After moving to the Mariners system in a trade and spending the next two seasons back in the minors, Remlinger returned to the majors with the Mets in 1994. He got into 10 games, starting nine. That July, he threw a four-hitter in a win over his old team the Giants.

"I've worked really hard the last two years," Remlinger told The AP of his return. "I've really struggled, so coming back here was very special. I was treated real well by the Giants and outstanding by the Mets."

He then tried relieving. He got into just seven games in 1995 between the Mets and the Reds, then 19 games with the Reds in 1996. He became a regular in 1997. Remlinger got into 69 games, starting 12 that year, with a 4.14 ERA.

After a brief return to starting in 1998, he moved to the Braves and into full-time relief. He got into 73 games in 1999, with a 2.37 ERA. He got into 71 games in 2000. That April, Braves manager Bobby Cox couldn't say enough about his middle reliever.

"Remlinger is the guy no one talks about. I can't get anybody to write about him," Cox told The AP. "He comes in and strikes out one or two guys every time he pitches. He's been dynamite for two years."

Remlinger stayed with the Braves through 2002. That final year with Atlanta, Remlinger turned in a 1.99 ERA over 71 games. He also made the All-Star team.

Remlinger moved to the Cubs for 2003, staying there into 2005. He then got time that year with Boston before returning to the Braves for 2006. He got into 36 games that year, with a 4.03 ERA, ending his career.

Remlinger finished with time in 14 major league seasons, 639 big league appearances and a career ERA of 3.90.

Saturday, December 9, 2017

Joe Kelly, Versatile Pitcher - 17

Joe Kelly earned the Georgia Bulldogs' title of most versatile pitcher in 1989, starting in 11 games and relieving in another 11 more, according to The Georgia Bulldog.

Kelly picked up two wins and seven losses in those outings. He also picked up a complete game and a save, The Bulldog wrote.

The next year, he helped the team on to the College World Series and a title. He also helped himself on to the pros. Kelly, though, proved less versatile there. He played in 17 games, all in relief. Those 17 games marked the extent of his pro time.

Kelly's pro career began and ended that year in 1990, signed by the Dodgers as an undrafted free agent out of Georgia. He went there out of Notre Dame High School in Utica, NY.

At Georgia, Kelly was a member of both the 1987 and 1990 College World Series squads. He even helped the team at the plate, going 2 for 4 as the designated hitter in the championship game.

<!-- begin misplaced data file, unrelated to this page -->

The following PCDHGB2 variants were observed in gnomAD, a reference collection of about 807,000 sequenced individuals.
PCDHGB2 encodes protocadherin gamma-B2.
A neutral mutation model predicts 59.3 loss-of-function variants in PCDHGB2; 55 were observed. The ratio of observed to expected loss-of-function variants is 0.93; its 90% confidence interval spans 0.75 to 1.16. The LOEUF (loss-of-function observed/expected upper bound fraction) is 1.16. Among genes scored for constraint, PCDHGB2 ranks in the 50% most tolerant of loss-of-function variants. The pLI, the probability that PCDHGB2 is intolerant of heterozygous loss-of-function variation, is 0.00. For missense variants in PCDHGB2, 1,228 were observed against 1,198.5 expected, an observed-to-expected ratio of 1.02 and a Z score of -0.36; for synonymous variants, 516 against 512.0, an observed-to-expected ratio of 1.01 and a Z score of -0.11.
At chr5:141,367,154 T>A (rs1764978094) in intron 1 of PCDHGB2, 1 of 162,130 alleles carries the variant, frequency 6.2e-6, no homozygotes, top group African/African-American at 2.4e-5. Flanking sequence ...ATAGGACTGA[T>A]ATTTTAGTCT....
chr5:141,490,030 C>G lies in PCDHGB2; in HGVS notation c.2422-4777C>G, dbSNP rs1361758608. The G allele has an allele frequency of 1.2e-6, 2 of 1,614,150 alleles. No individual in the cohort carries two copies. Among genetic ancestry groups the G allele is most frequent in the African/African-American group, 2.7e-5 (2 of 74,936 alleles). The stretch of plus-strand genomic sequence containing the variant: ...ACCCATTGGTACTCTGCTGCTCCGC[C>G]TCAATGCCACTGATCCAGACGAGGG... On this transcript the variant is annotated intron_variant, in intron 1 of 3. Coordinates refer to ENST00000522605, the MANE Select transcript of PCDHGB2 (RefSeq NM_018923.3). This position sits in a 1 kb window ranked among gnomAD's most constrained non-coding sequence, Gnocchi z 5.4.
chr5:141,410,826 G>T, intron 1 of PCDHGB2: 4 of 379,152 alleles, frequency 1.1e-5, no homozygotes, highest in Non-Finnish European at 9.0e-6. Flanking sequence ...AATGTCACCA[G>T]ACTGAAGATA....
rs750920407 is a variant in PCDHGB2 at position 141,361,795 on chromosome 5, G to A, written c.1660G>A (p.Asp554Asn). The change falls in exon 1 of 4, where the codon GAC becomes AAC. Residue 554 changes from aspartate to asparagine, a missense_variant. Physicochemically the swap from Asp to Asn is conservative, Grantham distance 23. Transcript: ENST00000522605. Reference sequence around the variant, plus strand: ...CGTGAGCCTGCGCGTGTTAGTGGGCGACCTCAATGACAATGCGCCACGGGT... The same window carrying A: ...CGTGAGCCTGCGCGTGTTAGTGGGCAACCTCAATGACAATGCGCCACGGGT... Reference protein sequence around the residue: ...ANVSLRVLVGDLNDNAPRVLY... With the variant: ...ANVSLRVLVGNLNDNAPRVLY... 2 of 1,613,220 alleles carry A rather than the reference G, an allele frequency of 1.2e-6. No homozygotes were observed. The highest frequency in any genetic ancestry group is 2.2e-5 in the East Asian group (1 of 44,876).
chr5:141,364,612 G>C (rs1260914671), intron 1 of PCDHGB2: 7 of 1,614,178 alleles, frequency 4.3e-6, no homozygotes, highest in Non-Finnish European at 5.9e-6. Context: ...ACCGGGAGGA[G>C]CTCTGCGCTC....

The Dodgers sent Kelly to short-season Yakima. He gave up one unearned run in two innings of work in an August game. He then gave up two earned in early September over five outs. Overall, Kelly gave up 12 earned in 23.2 innings for a 4.56 ERA in his only season as a pro.
1990 Minor League Tally
Players/Coaches Featured: 2,843
Made the Majors:1,071-37.7%
Never Made Majors:1,772-62.3%
5+ Seasons in the Majors: 444
10+ Seasons in the Minors:267

Orlando Gomez, Stayed Young - 26

Originally published May 31, 2014
Speaking to The Wilmington Star-News in 2012, Orlando Gomez had a simple assessment of his career to that point.

"Baseball has really been my life,'' Gomez told The Star-News. "I do it because I try and stay young.''

By that time, Gomez had stayed young for nearly five decades.  Gomez' life in baseball began back in 1964, as an 18-year-old signed as a catcher out of his native Puerto Rico.

He went on to play professionally for 13 seasons. He made AAA, but never made the majors.

His coaching career started soon after, Gomez serving as a manager in rookie ball in 1977. It's continued ever since. Along the way, he served as a major league coach for three different organizations, then as a bullpen catcher.

For 2014, he's back managing in rookie ball, helming the Orioles Gulf Coast League entry.

Gomez the player started with the Yankees in the Sarasota Rookie League. He moved to the Reds' system in 1966 and the Athletics for 1967. He then stayed with the Athletics through the end of his playing career in 1976.

By 1977, Gomez was managing in the Oakland system at rookie Medicine Hat. He then briefly turned to scouting.

It was as a scout for the Rangers that Gomez signed Jose Guzman, according to The Associated Press. Gomez then followed Guzman's progress after his return to managing, becoming like a father figure to Guzman, The AP wrote.

In 1991, Gomez as Rangers bullpen coach, he told The AP about encouraging Guzman back after surgery and then being released.

"He was disappointed," Gomez told The AP that June. "We talked about it a lot. He grew up in this organization."

Gomez also signed Ruben Sierra. Gomez returned to managing by 1983, taking over single-A Burlington. He moved to AA Tulsa in 1984, then AAA Buffalo in 1987. He arrived at single-A Gastonia in 1988, staying there for three seasons.

Gomez finally made the majors in 1991, serving as bench coach for the Rangers. He stayed there for two seasons. By 1993, he was back managing in the minors in the Mariners system.

In 1996, Gomez was at AA Port City, watching over a young Raul Ibanez.